-13.2 C
Niagara Falls
Friday, February 3, 2023
Letter: NOTL Thunderhawks lacrosse club forced to fold

Dear editor:

In 1969 the Niagara Warriors lacrosse club started playing in the Ontario Junior B lacrosse league.

Historic Warriors lacrosse names such as Conradi, Ignatczyk, Engemann, Hope, Skubel, McCready (coach), Bissell, Henry and French, to name only a few, led the Warriors in 1973 and 1981 to two Canadian championships for Junior B lacrosse, The Founders' Cup.

In 1984, due to reduced player population the Warriors were turned over to the St. Catharines Spartans lacrosse club to be rebranded the Niagara Spartan Warriors and playing out of the Centennial Arena in Niagara-on-the-Lake. The Spartans moved back to St. Catharines and won a Founders' Cup in 1996, leaving no Jr. B team in NOTL until 2003.

It was at this time that Mike Jones and numerous other volunteers brought lacrosse back to NOTL and rebranded it as the NOTL Thunderhawks. The team was made up of players from the NOTL minor lacrosse system, including players from both NOTL and Tuscarora Reservation, located 10 minutes from Queenston-Lewiston Bridge in New York State.

The Thunderhawks weren’t immediately competitive but did develop a culture of respect for the game, their opponents and especially their teammates. Their persistence, unfortunately, didn’t lead to any Founders' Cups, but it did develop players who were recognized by teams at the Jr. A and professional levels as future stars.

The new core of Thunderhawks, like Devin Sartor, Corey Fowler and Bryan Neufeld moved to the professional level in the CLAX (Canadian Lacrosse League) while their teammate Jay Thorimbert moved on to the NLL (National Lacrosse League), achieving success as a prominent faceoff specialist till this day.

More recently we saw the Wagner brothers (Ryan and John) achieving success while in the recent NLL drafts, Chris Weier (2020-Toronto), Hunter Lemieux (2021-Philadelphia) and Aidan Buis (2021-San Diego) all achieve a lifelong goal of playing in the NLL.

The years of success couldn’t hold back the hands of time. The Thunderhawks executive recognized, after the 2018 season that NOTL’s growth in the demographic of lacrosse players had reduced and the number of kids graduating to Jr. B was limited.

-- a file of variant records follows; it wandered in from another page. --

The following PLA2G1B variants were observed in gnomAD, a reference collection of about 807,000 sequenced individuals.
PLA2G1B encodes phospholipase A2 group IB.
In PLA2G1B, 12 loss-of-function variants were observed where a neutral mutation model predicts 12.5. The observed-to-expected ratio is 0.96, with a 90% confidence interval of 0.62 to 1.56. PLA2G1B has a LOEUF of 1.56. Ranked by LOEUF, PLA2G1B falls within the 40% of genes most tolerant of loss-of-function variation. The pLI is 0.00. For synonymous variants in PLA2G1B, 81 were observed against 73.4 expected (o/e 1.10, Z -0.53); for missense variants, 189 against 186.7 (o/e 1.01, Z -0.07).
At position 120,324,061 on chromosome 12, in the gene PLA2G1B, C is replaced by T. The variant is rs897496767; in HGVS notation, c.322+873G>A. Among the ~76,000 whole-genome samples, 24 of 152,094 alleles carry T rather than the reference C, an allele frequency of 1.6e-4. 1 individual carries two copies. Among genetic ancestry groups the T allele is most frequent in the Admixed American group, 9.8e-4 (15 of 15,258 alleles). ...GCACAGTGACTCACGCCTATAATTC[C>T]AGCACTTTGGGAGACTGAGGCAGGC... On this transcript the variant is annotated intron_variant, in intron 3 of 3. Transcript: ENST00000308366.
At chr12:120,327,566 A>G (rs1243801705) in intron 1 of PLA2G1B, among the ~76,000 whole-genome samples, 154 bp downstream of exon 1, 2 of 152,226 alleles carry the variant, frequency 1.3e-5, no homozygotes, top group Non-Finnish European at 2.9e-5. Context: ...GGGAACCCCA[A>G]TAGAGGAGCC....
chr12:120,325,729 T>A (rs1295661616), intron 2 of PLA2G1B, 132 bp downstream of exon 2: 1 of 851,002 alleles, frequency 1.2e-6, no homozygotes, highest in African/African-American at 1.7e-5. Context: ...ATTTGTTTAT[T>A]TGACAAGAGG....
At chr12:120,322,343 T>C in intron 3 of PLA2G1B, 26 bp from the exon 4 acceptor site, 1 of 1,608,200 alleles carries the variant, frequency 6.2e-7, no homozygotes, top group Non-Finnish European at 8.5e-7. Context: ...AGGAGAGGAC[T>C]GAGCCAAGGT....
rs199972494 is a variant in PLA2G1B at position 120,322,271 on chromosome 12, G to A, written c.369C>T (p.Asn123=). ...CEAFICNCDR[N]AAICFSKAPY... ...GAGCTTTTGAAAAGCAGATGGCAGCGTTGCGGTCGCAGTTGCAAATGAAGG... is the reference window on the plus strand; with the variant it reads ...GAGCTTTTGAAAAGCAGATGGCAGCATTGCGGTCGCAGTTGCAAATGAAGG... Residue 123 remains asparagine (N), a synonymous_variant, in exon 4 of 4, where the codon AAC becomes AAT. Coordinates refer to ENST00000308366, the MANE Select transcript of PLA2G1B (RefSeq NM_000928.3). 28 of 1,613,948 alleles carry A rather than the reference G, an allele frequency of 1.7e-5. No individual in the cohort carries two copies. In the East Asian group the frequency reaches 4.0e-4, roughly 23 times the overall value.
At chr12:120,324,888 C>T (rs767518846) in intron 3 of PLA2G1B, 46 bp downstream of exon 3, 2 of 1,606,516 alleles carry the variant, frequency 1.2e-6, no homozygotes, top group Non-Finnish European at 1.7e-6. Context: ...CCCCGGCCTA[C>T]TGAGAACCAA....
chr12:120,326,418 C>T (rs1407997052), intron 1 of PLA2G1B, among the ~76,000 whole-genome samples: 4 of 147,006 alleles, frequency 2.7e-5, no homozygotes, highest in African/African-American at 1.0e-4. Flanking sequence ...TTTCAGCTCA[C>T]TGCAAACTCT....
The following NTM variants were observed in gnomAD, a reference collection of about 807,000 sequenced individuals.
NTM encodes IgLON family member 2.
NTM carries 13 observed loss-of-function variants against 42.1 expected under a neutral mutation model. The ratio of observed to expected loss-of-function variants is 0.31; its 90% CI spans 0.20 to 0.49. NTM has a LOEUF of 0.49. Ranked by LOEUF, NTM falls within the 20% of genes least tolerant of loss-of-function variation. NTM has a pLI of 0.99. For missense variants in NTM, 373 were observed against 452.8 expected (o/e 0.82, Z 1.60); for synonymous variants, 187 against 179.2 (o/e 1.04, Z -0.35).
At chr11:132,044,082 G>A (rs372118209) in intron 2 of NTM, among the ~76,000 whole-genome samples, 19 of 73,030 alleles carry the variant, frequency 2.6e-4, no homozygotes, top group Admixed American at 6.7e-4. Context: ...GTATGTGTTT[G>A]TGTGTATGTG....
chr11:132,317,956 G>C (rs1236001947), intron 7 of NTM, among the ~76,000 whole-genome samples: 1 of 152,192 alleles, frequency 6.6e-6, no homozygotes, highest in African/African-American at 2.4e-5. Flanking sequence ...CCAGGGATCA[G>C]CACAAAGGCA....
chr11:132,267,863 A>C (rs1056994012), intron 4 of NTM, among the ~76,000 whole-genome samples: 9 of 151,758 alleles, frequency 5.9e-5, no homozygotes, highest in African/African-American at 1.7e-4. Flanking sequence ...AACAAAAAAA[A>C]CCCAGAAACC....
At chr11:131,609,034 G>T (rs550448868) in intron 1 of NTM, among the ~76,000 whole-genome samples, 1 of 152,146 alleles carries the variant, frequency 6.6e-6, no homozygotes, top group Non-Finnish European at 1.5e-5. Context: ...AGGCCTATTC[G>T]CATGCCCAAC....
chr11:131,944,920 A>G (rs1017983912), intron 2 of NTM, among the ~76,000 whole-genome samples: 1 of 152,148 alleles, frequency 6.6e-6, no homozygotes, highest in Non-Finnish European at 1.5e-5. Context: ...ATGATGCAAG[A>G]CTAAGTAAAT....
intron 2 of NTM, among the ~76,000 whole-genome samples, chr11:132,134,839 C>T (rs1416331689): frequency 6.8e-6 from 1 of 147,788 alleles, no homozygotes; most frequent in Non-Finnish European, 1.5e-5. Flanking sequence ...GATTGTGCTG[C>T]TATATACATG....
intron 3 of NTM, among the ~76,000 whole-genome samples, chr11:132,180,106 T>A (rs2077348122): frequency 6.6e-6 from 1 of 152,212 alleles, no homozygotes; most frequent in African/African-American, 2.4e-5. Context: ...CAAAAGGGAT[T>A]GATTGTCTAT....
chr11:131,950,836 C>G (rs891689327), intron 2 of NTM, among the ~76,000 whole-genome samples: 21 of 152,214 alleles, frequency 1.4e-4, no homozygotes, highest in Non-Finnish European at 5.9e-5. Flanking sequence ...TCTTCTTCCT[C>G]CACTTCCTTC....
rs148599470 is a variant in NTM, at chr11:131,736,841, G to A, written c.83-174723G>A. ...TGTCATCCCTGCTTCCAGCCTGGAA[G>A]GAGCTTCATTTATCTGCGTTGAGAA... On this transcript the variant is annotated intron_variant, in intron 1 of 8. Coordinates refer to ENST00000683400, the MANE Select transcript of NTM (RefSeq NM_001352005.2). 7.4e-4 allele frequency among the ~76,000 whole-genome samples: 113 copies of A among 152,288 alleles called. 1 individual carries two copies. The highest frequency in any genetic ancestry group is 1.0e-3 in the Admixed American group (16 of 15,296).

Knowing this scenario, a one-time leave of absence from the league was requested to hopefully build the numbers during the 2019 season. However, limited players and the two-year COVID-19 shutdown of sports eliminated the opportunity for players to participate, causing a detrimental effect on all aspects of the Jr. B Thunderhawks.

During COVID, most of the members of the team executives have stepped down, core players are too old to play junior, players lost developmental years for their opportunities to move to Jr. A, minor players lost exposure to Jr. B and a general movement to opportunities outside of lacrosse due to the lockdowns has brought the team to a unfortunate situation.

Sadly, after several pushes to promote and bolster a roster, the number and commitment of players is just not enough to run a team in NOTL.

Opportunity for players who wish to continue is still available if they travel to St. Catharines, but the family-like atmosphere, the opportunity to play with their school friends and teammates throughout minor lacrosse, and, finally, being part of a local legacy has been lost.

We would like to thank all the sponsors, fans, volunteers, parents and especially players for the years of experiences and memories that helped build a community and connection among lacrosse enthusiasts which will last a lifetime.

Andy Boldt

NOTL

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